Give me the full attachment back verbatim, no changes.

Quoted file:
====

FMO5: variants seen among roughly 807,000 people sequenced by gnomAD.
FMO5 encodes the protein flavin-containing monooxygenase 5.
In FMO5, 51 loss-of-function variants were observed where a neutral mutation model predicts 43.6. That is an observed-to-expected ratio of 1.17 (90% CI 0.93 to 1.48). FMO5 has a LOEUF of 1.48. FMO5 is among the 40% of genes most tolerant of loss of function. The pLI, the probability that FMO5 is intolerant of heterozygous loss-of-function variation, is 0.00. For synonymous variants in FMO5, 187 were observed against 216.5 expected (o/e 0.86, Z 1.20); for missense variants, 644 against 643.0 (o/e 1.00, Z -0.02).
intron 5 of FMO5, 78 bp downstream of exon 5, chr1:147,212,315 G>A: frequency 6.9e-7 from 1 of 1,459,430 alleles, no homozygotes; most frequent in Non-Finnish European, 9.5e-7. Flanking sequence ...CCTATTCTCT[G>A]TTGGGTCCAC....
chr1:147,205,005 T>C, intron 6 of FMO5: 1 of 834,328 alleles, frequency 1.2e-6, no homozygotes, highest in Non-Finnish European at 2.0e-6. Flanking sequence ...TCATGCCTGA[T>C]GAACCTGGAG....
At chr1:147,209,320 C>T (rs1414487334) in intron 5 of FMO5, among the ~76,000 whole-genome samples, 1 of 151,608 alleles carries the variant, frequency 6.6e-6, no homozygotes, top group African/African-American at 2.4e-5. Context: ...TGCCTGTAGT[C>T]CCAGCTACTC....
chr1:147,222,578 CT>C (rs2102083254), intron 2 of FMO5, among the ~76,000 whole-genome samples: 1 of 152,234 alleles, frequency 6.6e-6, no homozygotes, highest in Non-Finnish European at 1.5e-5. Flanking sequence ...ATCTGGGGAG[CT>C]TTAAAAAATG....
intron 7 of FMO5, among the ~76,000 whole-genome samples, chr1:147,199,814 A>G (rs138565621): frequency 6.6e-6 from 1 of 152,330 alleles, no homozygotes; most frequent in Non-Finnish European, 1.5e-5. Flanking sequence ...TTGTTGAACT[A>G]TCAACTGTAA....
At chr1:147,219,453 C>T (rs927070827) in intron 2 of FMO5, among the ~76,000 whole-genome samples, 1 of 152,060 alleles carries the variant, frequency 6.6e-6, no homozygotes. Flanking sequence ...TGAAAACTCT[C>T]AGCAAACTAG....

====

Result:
FMO5: variants seen among roughly 807,000 people sequenced by gnomAD.
FMO5 encodes the protein flavin-containing monooxygenase 5.
In FMO5, 51 loss-of-function variants were observed where a neutral mutation model predicts 43.6. That is an observed-to-expected ratio of 1.17 (90% CI 0.93 to 1.48). FMO5 has a LOEUF of 1.48. FMO5 is among the 40% of genes most tolerant of loss of function. The pLI, the probability that FMO5 is intolerant of heterozygous loss-of-function variation, is 0.00. For synonymous variants in FMO5, 187 were observed against 216.5 expected (o/e 0.86, Z 1.20); for missense variants, 644 against 643.0 (o/e 1.00, Z -0.02).
intron 5 of FMO5, 78 bp downstream of exon 5, chr1:147,212,315 G>A: frequency 6.9e-7 from 1 of 1,459,430 alleles, no homozygotes; most frequent in Non-Finnish European, 9.5e-7. Flanking sequence ...CCTATTCTCT[G>A]TTGGGTCCAC....
chr1:147,205,005 T>C, intron 6 of FMO5: 1 of 834,328 alleles, frequency 1.2e-6, no homozygotes, highest in Non-Finnish European at 2.0e-6. Flanking sequence ...TCATGCCTGA[T>C]GAACCTGGAG....
At chr1:147,209,320 C>T (rs1414487334) in intron 5 of FMO5, among the ~76,000 whole-genome samples, 1 of 151,608 alleles carries the variant, frequency 6.6e-6, no homozygotes, top group African/African-American at 2.4e-5. Context: ...TGCCTGTAGT[C>T]CCAGCTACTC....
chr1:147,222,578 CT>C (rs2102083254), intron 2 of FMO5, among the ~76,000 whole-genome samples: 1 of 152,234 alleles, frequency 6.6e-6, no homozygotes, highest in Non-Finnish European at 1.5e-5. Flanking sequence ...ATCTGGGGAG[CT>C]TTAAAAAATG....
intron 7 of FMO5, among the ~76,000 whole-genome samples, chr1:147,199,814 A>G (rs138565621): frequency 6.6e-6 from 1 of 152,330 alleles, no homozygotes; most frequent in Non-Finnish European, 1.5e-5. Flanking sequence ...TTGTTGAACT[A>G]TCAACTGTAA....
At chr1:147,219,453 C>T (rs927070827) in intron 2 of FMO5, among the ~76,000 whole-genome samples, 1 of 152,060 alleles carries the variant, frequency 6.6e-6, no homozygotes. Flanking sequence ...TGAAAACTCT[C>T]AGCAAACTAG....